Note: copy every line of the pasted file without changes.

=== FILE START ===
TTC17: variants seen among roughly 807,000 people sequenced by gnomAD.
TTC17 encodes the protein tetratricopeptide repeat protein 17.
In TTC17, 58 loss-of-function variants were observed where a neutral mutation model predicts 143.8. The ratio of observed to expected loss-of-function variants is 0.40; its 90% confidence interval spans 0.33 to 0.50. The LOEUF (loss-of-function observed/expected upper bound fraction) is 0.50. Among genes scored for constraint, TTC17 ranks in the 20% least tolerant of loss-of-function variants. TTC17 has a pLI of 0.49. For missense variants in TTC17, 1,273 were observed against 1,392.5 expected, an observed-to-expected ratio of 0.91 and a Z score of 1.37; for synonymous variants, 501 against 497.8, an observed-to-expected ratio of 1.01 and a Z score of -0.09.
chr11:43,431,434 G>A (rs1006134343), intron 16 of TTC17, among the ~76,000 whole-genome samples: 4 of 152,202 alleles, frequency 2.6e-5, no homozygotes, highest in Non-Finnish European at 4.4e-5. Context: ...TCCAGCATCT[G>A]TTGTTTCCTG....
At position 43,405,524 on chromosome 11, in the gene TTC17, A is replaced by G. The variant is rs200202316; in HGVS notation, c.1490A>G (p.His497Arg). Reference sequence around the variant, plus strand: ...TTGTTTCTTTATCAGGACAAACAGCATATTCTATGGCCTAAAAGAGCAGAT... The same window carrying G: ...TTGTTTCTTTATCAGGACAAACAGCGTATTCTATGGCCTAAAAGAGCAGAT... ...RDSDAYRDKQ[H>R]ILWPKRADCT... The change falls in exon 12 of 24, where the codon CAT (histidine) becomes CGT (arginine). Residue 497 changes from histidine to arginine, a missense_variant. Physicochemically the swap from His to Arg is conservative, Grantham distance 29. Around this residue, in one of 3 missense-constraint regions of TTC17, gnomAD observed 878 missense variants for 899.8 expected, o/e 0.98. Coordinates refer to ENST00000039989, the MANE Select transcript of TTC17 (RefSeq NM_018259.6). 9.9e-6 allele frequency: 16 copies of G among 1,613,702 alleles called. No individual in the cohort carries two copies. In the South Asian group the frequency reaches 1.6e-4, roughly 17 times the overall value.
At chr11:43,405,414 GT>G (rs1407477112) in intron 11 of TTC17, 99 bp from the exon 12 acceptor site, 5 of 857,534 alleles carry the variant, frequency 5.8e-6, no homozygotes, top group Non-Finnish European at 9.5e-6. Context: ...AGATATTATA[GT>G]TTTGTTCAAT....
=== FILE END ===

TTC17: variants seen among roughly 807,000 people sequenced by gnomAD.
TTC17 encodes the protein tetratricopeptide repeat protein 17.
In TTC17, 58 loss-of-function variants were observed where a neutral mutation model predicts 143.8. The ratio of observed to expected loss-of-function variants is 0.40; its 90% confidence interval spans 0.33 to 0.50. The LOEUF (loss-of-function observed/expected upper bound fraction) is 0.50. Among genes scored for constraint, TTC17 ranks in the 20% least tolerant of loss-of-function variants. TTC17 has a pLI of 0.49. For missense variants in TTC17, 1,273 were observed against 1,392.5 expected, an observed-to-expected ratio of 0.91 and a Z score of 1.37; for synonymous variants, 501 against 497.8, an observed-to-expected ratio of 1.01 and a Z score of -0.09.
chr11:43,431,434 G>A (rs1006134343), intron 16 of TTC17, among the ~76,000 whole-genome samples: 4 of 152,202 alleles, frequency 2.6e-5, no homozygotes, highest in Non-Finnish European at 4.4e-5. Context: ...TCCAGCATCT[G>A]TTGTTTCCTG....
At position 43,405,524 on chromosome 11, in the gene TTC17, A is replaced by G. The variant is rs200202316; in HGVS notation, c.1490A>G (p.His497Arg). Reference sequence around the variant, plus strand: ...TTGTTTCTTTATCAGGACAAACAGCATATTCTATGGCCTAAAAGAGCAGAT... The same window carrying G: ...TTGTTTCTTTATCAGGACAAACAGCGTATTCTATGGCCTAAAAGAGCAGAT... ...RDSDAYRDKQ[H>R]ILWPKRADCT... The change falls in exon 12 of 24, where the codon CAT (histidine) becomes CGT (arginine). Residue 497 changes from histidine to arginine, a missense_variant. Physicochemically the swap from His to Arg is conservative, Grantham distance 29. Around this residue, in one of 3 missense-constraint regions of TTC17, gnomAD observed 878 missense variants for 899.8 expected, o/e 0.98. Coordinates refer to ENST00000039989, the MANE Select transcript of TTC17 (RefSeq NM_018259.6). 9.9e-6 allele frequency: 16 copies of G among 1,613,702 alleles called. No individual in the cohort carries two copies. In the South Asian group the frequency reaches 1.6e-4, roughly 17 times the overall value.
At chr11:43,405,414 GT>G (rs1407477112) in intron 11 of TTC17, 99 bp from the exon 12 acceptor site, 5 of 857,534 alleles carry the variant, frequency 5.8e-6, no homozygotes, top group Non-Finnish European at 9.5e-6. Context: ...AGATATTATA[GT>G]TTTGTTCAAT....